Fandango’s Provocative Question #51

If people find typos or grammatical, punctuation, spelling, or usage errors in your posts, do you welcome having them pointed out to you, or do you resent it.

As a blogger do you let people know about such mistakes or do you just let them go?

There was a time when I was the aggravated editor at large. However, in recent months, my typo count has risen so high that there are often more typos, missed words, wrong parts of sentences which belong elsewhere, I do not feel I have any authority to speak on the subject.

I was never a good proofreader, even when I was much younger, but now it’s wildly out of control. If I change keyboards? I go from bad to “What IS that word?” I make typos so bad the spellchecker doesn’t recognize the word at all.

I admit that I go and change really badly typoed words in comments because WordPress doesn’t even give us 10 seconds to go back and change it. I read through typos. Of course, I do. I am the typo queen.

I do NOT have the same attitude towards poor grammar, though. The inability of even adults to recognize the difference between shorthand for Facebook or whatever they are using these days and language. Or, for that matter, the difference between an adjective and an adverb because they don’t know the difference between a verb and a noun. If you listen to sportscasters, you’ll know why. They don’t use adverbs. Ever. It isn’t stylistic. It’s pure ignorance.

It isn’t necessarily their fault. Our educational system is sorely lacking. They don’t teach grammar in public schools. If you don’t pick it up by reading book, how COULD you learn it?

And oh lord, PUNCTUATION. I swear everyone makes it up as they go along. My personal favorite is the    ,,,.    between what might be clauses, but isn’t a clause the guy who drops down the chimney with toys? No? 

People our age often leave out the subject of the sentence because we forgot to type it. But the younger ones? What’s their excuse? A good friend is (actually, now WAS) a college English professor. Every once in awhile, he’d show us what students turn in as essays. They truly do not know the difference between LOLWFOMA, TY, BRB, and what we used to call English. I don’t think we are setting a good example, either.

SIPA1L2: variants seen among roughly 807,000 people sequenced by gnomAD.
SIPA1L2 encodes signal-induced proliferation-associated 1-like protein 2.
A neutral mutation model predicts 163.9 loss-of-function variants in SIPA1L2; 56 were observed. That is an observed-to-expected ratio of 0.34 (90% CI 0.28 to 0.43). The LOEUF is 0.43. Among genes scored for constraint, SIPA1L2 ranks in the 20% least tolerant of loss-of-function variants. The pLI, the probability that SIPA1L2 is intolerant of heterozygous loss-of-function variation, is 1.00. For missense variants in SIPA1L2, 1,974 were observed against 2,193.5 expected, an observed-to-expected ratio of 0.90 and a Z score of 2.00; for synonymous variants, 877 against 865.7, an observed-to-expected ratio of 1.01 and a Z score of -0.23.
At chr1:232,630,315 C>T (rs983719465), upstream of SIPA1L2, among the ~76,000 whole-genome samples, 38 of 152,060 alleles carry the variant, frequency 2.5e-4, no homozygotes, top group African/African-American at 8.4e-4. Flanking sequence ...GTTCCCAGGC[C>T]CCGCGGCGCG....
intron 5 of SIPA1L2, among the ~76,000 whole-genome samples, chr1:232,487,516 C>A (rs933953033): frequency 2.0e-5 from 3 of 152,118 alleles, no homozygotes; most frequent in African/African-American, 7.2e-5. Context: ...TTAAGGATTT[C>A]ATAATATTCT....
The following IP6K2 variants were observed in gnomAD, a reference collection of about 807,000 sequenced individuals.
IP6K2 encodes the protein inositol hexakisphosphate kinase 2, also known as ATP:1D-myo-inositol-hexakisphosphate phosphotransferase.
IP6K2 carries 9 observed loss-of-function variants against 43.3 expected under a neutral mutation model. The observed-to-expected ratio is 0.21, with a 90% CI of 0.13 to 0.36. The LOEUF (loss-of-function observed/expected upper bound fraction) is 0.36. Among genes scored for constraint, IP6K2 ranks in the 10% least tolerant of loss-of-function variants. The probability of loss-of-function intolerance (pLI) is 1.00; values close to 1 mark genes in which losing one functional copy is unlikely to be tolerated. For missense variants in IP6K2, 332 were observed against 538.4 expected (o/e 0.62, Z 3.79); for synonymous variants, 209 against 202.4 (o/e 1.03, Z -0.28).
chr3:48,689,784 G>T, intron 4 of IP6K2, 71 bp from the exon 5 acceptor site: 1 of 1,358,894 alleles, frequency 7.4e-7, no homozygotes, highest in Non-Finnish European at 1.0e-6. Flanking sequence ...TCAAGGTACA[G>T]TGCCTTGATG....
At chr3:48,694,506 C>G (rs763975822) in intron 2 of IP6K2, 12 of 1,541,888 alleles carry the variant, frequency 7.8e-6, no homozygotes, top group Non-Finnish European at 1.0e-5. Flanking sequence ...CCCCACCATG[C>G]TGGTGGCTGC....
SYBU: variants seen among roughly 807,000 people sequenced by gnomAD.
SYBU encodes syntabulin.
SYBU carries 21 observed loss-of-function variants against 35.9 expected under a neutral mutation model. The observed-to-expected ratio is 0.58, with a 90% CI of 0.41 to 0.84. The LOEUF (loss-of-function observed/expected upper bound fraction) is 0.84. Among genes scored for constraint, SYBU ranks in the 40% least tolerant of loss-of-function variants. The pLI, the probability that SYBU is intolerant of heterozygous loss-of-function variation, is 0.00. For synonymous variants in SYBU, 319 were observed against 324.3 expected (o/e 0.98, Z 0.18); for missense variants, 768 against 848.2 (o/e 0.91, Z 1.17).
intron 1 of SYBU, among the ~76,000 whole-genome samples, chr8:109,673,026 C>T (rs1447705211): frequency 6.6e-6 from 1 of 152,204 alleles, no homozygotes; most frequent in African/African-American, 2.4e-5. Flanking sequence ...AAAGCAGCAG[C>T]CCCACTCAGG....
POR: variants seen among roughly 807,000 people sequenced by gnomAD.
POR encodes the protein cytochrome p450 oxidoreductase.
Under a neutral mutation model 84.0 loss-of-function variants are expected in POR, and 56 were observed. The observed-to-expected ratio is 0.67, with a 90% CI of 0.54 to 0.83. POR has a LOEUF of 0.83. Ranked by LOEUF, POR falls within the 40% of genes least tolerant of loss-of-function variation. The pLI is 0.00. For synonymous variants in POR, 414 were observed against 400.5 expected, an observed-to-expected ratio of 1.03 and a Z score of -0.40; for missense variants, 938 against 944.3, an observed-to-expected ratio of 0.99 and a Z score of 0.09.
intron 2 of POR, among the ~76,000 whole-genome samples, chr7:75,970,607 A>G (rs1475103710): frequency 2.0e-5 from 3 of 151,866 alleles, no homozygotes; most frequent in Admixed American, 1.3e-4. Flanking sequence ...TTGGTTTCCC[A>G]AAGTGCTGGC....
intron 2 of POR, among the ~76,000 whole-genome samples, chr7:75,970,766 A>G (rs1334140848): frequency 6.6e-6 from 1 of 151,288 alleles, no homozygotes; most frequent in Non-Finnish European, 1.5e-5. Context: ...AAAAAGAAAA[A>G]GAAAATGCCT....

The other thing is that many young people have never read a book. Personally, I listen to audiobooks rather than reading, but I did read thousands of books before I moved to audio. So if my eyes are tired, they earned it.

One busy wall

Neither parents nor teachers forced them to read. Anyway, what with owning every electronic device ever made, what motivation do they have to read? You have to get them reading when they are young before they get hooked in electronics.

We spend millions on electronic devices that are outdated in six months — and don’t put any effort into convincing kids to read. Owen’s deal (from ME) when he was young was before he got an allowance or his bicycle, he had to turn in a book report — to me — every week. I didn’t care what he read, whether it was easy or difficult, but it had to be a BOOK.

Vineyard art – the second painting is the one from the book I gave to Owen.

Thus he fell in love with Stephen King, a love that still lingers, TinTin, Hardy Boys, and all of Robert Louis Stevenson’s adventures. He also loved anything with great illustrations and can take very excellent pictures when he remembers to have a camera — which is rare and rather frustrating. He has talent, but he works 50 hours a week or more, so I suppose that’s a bit limiting.

“How to Live With a Conniving Cat” was a favorite. When we summered on the Vineyard, we bought one of the original paintings done for that book. It was a piece of luck because the painter died while the exhibit was up. His family came and took all his paintings home. They refused to sell any of them. We have the only one that isn’t family-owned.

That was back “in the day” when we went to galleries and bought stuff! You know. Two salaries? Those WERE the days.

I gave the painting to Owen for his birthday. He really, really wanted it. Turns out, he also likes art. Kids like what they learn to like. If you don’t teach them, they don’t get it. Schools are only a piece of education. The rest comes from their home environment.

And yes, there still ARE libraries and they are still FREE. What’s more, there are art galleries in all kinds of places. You don’t have to buy things to go and look. And, oh yes. Museums!

P.S. I don’t have a problem with typos being pointed out, or for that matter, entirely missing words or pieces of paragraphs, or duplicated words. I have always worked best with an editor! I’d correct them myself if I noticed them.

Categories: #FPQ, Blogging, Books, Education, language, Marilyn Armstrong, Photography, Provocative Questions

Tags: , , , , , ,

20 replies

  1. I now reread things many times There’s the problem, and the solution. So many are in such a rush to dash off their 140 characters, that they only look forward, never back, to check. I quietly edit errors in comments on my site, but usually just shudder, and ignore mistakes in others’ posts, unless I am sure that English is their first language. I recently called a writer on, I patrolled the entire parameter of my property, and, It should illicit a response. It is difficult to take a debater seriously, when he can’t even frame his position correctly. 🙄